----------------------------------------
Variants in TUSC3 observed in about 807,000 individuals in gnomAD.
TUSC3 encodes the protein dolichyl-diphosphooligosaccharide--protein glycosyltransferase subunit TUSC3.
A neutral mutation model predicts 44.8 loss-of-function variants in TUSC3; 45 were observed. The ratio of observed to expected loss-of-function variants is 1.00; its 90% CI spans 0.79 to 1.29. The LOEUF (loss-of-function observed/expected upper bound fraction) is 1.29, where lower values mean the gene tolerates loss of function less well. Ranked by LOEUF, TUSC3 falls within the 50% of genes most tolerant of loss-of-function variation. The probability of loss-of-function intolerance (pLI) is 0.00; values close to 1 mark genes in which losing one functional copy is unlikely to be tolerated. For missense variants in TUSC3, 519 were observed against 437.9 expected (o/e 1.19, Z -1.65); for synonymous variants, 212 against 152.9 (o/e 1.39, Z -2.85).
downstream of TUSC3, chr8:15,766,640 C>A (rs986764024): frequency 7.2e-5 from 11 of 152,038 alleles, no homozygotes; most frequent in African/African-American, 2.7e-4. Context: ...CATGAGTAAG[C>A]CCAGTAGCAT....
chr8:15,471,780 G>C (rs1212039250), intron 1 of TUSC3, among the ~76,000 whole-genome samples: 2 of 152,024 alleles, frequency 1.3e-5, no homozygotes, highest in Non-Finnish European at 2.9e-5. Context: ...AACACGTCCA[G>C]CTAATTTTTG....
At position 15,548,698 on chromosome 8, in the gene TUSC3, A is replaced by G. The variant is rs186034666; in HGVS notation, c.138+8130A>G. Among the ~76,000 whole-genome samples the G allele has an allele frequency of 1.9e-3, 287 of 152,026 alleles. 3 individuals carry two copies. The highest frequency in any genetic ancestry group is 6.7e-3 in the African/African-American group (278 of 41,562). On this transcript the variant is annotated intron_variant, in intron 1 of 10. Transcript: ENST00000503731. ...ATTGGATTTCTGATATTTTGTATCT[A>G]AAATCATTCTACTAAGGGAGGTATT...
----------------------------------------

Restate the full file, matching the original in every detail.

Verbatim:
Variants in TUSC3 observed in about 807,000 individuals in gnomAD.
TUSC3 encodes the protein dolichyl-diphosphooligosaccharide--protein glycosyltransferase subunit TUSC3.
A neutral mutation model predicts 44.8 loss-of-function variants in TUSC3; 45 were observed. The ratio of observed to expected loss-of-function variants is 1.00; its 90% CI spans 0.79 to 1.29. The LOEUF (loss-of-function observed/expected upper bound fraction) is 1.29, where lower values mean the gene tolerates loss of function less well. Ranked by LOEUF, TUSC3 falls within the 50% of genes most tolerant of loss-of-function variation. The probability of loss-of-function intolerance (pLI) is 0.00; values close to 1 mark genes in which losing one functional copy is unlikely to be tolerated. For missense variants in TUSC3, 519 were observed against 437.9 expected (o/e 1.19, Z -1.65); for synonymous variants, 212 against 152.9 (o/e 1.39, Z -2.85).
downstream of TUSC3, chr8:15,766,640 C>A (rs986764024): frequency 7.2e-5 from 11 of 152,038 alleles, no homozygotes; most frequent in African/African-American, 2.7e-4. Context: ...CATGAGTAAG[C>A]CCAGTAGCAT....
chr8:15,471,780 G>C (rs1212039250), intron 1 of TUSC3, among the ~76,000 whole-genome samples: 2 of 152,024 alleles, frequency 1.3e-5, no homozygotes, highest in Non-Finnish European at 2.9e-5. Context: ...AACACGTCCA[G>C]CTAATTTTTG....
At position 15,548,698 on chromosome 8, in the gene TUSC3, A is replaced by G. The variant is rs186034666; in HGVS notation, c.138+8130A>G. Among the ~76,000 whole-genome samples the G allele has an allele frequency of 1.9e-3, 287 of 152,026 alleles. 3 individuals carry two copies. The highest frequency in any genetic ancestry group is 6.7e-3 in the African/African-American group (278 of 41,562). On this transcript the variant is annotated intron_variant, in intron 1 of 10. Transcript: ENST00000503731. ...ATTGGATTTCTGATATTTTGTATCT[A>G]AAATCATTCTACTAAGGGAGGTATT...